Facts About Mental Illness

  • Mental illnesses are biologically based brain disorders. Like a thyroid disorder and diabetes, they must be treated medically and have nothing to do with moral fortitude.
  • 1 in 4 American families has a loved one with a serious brain disorder.
  • Family members suffer along with the individual who experiences the illness.
  • Of those affected by mental illness, 50% will experience the onset of the brain disorder before the age of 15.
  • Suicide is the 2nd leading cause of death in the 10 to 24-year-old age group in Virginia, which is 6% higher than the national average.
  • Over 90% of all suicides are the result of untreated or improperly treated brain disorders.
  • Stigma surrounding mental illness prevents people from seeking treatment.
  • Recovery is possible with appropriate medications, counseling, and supportive services.

Things that Need to Happen for Families to Recover

Get Beyond Initial Denial

  • Disbelief

Become Educated About Your Family Members Illness And Medications

  • Ask questions of APPROPRIATE people.
  • Take a course on brain disorders.

Learn How To Support Your Family Member

As families, you need information about the following:

  • How to minimize relapse/risk for relapse (know your family member’s coping skills)
  • How to respond when there is a crisis (CRISIS PLAN, WRAP). Get this into the service plan.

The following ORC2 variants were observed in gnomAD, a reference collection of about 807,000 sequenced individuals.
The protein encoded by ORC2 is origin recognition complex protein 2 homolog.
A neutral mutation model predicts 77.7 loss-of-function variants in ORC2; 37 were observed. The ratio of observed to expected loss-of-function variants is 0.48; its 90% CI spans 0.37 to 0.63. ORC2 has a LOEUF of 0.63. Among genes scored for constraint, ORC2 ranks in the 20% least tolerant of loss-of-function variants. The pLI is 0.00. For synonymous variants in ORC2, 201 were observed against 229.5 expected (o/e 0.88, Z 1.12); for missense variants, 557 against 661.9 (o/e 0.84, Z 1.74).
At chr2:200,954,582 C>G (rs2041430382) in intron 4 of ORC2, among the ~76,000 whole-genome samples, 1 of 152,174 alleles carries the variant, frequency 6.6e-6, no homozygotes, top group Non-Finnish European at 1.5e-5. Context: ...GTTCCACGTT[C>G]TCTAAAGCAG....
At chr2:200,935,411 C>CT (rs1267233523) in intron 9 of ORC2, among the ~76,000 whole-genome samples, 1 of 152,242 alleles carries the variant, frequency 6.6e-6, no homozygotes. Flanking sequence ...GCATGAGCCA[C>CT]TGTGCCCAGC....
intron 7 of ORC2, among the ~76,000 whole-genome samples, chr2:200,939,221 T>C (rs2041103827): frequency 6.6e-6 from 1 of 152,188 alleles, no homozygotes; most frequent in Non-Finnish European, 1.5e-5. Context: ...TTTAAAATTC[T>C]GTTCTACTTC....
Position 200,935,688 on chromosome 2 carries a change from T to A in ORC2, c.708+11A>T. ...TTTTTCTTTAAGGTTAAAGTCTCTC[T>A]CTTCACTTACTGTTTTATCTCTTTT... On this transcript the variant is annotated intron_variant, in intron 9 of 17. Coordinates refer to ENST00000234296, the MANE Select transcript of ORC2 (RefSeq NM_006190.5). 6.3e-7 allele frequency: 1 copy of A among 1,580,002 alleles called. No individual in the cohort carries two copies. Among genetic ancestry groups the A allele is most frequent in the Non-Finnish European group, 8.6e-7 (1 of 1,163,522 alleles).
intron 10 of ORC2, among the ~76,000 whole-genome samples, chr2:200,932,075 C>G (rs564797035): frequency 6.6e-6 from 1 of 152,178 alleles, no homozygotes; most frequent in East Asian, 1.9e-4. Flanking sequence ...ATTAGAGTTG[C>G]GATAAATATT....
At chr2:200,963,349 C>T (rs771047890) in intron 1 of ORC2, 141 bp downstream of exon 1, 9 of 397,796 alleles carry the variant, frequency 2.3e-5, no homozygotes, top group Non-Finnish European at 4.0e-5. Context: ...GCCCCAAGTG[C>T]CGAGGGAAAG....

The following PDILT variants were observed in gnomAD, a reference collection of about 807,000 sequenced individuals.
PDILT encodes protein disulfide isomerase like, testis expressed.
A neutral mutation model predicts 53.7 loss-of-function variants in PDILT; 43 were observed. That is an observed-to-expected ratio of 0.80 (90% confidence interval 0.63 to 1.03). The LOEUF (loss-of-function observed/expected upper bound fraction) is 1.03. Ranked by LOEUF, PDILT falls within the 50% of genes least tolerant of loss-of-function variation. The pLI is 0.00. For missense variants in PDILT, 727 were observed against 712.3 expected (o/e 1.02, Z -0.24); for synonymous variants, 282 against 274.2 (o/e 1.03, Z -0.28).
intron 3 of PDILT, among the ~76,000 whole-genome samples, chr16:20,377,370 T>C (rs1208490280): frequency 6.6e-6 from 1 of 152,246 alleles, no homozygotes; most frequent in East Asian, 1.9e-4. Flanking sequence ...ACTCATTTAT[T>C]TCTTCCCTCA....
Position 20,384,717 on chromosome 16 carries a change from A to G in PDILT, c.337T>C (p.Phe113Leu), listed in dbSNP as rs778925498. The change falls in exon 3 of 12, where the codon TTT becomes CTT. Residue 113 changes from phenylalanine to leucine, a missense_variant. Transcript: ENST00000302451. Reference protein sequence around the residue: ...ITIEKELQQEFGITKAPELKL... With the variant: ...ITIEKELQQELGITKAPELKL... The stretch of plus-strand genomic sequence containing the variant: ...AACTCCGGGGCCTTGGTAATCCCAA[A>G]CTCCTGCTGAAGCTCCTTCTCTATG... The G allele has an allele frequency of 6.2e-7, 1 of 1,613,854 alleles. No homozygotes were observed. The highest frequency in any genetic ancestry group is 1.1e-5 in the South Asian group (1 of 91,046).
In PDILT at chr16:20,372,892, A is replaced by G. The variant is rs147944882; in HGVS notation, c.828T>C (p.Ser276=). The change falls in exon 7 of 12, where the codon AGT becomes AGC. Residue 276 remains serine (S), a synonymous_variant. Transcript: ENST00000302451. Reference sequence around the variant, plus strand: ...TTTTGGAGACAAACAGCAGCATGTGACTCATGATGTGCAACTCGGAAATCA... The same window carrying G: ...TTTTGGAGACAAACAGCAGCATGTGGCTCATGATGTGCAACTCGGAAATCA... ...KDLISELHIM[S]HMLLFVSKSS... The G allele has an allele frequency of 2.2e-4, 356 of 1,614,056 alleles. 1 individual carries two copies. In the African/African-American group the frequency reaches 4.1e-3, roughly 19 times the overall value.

• How to determine realistic goals and expectations
  • How to help him/her manage stress
  • How to deal with specific behavior (hallucinations, delusions, substance abuse, poor hygiene, bizarre behavior in public, etc.)
  • How to COMMUNICATE (things to do/say and things not to do/say)

Develop Skills For Dealing With Mental Health Professionals

  • Whenever possible, talk over the problems with the service provider who is most directly involved.
  • Request meetings when you feel the need. Communicate concerns calmly and clearly.
  • Develop a good relationship and open communication with key individuals who are providing services to your relative.
  • Let people know that you appreciate their efforts.

Take Care Of Yourself. Develop Your Own Coping Skills

  • How to maintain a life separate from your ill relative
  • How to deal with the emotional impact, e.g., grief and guilt
  • How to manage YOUR stress

Connect With Other Families

  • Support groups

Learn How To Advocate For Yourself And Your Family Member (and Others)

  • Systems changes
  • Political advocacy

Learn How To “Let Go”

  • Doesn’t mean stop caring and supporting
  • Recognize when a crisis is over and let your family member take control of their own lives

Learn To Forgive

  • Yourself for things you say or do that are not helpful to your family member
  • Your family member for things s/he does that may feel hurtful but are a result of the mental illness

(Taken from the FACES family education class, edited 4/2012)